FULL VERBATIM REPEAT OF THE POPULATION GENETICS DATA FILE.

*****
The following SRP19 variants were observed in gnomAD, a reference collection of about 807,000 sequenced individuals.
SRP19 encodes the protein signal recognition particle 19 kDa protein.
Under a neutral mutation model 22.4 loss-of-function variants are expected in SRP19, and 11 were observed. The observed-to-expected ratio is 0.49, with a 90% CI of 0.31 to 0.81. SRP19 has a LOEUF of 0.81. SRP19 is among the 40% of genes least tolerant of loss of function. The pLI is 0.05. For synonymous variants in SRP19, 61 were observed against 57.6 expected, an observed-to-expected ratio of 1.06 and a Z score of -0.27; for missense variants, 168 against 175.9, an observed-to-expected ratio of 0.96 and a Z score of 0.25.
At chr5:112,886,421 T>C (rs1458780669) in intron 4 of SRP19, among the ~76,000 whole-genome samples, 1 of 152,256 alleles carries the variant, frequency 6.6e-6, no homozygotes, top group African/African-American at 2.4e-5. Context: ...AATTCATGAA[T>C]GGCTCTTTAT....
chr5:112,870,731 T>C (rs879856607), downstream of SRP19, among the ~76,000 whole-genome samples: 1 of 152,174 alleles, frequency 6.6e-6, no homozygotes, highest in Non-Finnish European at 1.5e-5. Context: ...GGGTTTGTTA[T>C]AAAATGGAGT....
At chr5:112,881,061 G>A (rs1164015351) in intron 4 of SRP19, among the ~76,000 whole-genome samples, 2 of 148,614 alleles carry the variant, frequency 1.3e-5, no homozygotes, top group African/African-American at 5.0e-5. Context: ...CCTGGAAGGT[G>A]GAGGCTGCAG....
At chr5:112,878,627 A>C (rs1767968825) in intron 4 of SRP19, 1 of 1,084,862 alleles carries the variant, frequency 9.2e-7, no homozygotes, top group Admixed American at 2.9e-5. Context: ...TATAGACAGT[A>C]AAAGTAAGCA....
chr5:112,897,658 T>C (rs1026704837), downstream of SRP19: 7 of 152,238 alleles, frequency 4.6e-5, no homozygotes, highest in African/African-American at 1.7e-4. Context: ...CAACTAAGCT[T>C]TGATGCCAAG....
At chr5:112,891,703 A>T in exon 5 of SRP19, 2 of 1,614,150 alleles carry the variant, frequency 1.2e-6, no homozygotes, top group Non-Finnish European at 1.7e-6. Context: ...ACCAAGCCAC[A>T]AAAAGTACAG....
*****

The following SRP19 variants were observed in gnomAD, a reference collection of about 807,000 sequenced individuals.
SRP19 encodes the protein signal recognition particle 19 kDa protein.
Under a neutral mutation model 22.4 loss-of-function variants are expected in SRP19, and 11 were observed. The observed-to-expected ratio is 0.49, with a 90% CI of 0.31 to 0.81. SRP19 has a LOEUF of 0.81. SRP19 is among the 40% of genes least tolerant of loss of function. The pLI is 0.05. For synonymous variants in SRP19, 61 were observed against 57.6 expected, an observed-to-expected ratio of 1.06 and a Z score of -0.27; for missense variants, 168 against 175.9, an observed-to-expected ratio of 0.96 and a Z score of 0.25.
At chr5:112,886,421 T>C (rs1458780669) in intron 4 of SRP19, among the ~76,000 whole-genome samples, 1 of 152,256 alleles carries the variant, frequency 6.6e-6, no homozygotes, top group African/African-American at 2.4e-5. Context: ...AATTCATGAA[T>C]GGCTCTTTAT....
chr5:112,870,731 T>C (rs879856607), downstream of SRP19, among the ~76,000 whole-genome samples: 1 of 152,174 alleles, frequency 6.6e-6, no homozygotes, highest in Non-Finnish European at 1.5e-5. Context: ...GGGTTTGTTA[T>C]AAAATGGAGT....
At chr5:112,881,061 G>A (rs1164015351) in intron 4 of SRP19, among the ~76,000 whole-genome samples, 2 of 148,614 alleles carry the variant, frequency 1.3e-5, no homozygotes, top group African/African-American at 5.0e-5. Context: ...CCTGGAAGGT[G>A]GAGGCTGCAG....
At chr5:112,878,627 A>C (rs1767968825) in intron 4 of SRP19, 1 of 1,084,862 alleles carries the variant, frequency 9.2e-7, no homozygotes, top group Admixed American at 2.9e-5. Context: ...TATAGACAGT[A>C]AAAGTAAGCA....
chr5:112,897,658 T>C (rs1026704837), downstream of SRP19: 7 of 152,238 alleles, frequency 4.6e-5, no homozygotes, highest in African/African-American at 1.7e-4. Context: ...CAACTAAGCT[T>C]TGATGCCAAG....
At chr5:112,891,703 A>T in exon 5 of SRP19, 2 of 1,614,150 alleles carry the variant, frequency 1.2e-6, no homozygotes, top group Non-Finnish European at 1.7e-6. Context: ...ACCAAGCCAC[A>T]AAAAGTACAG....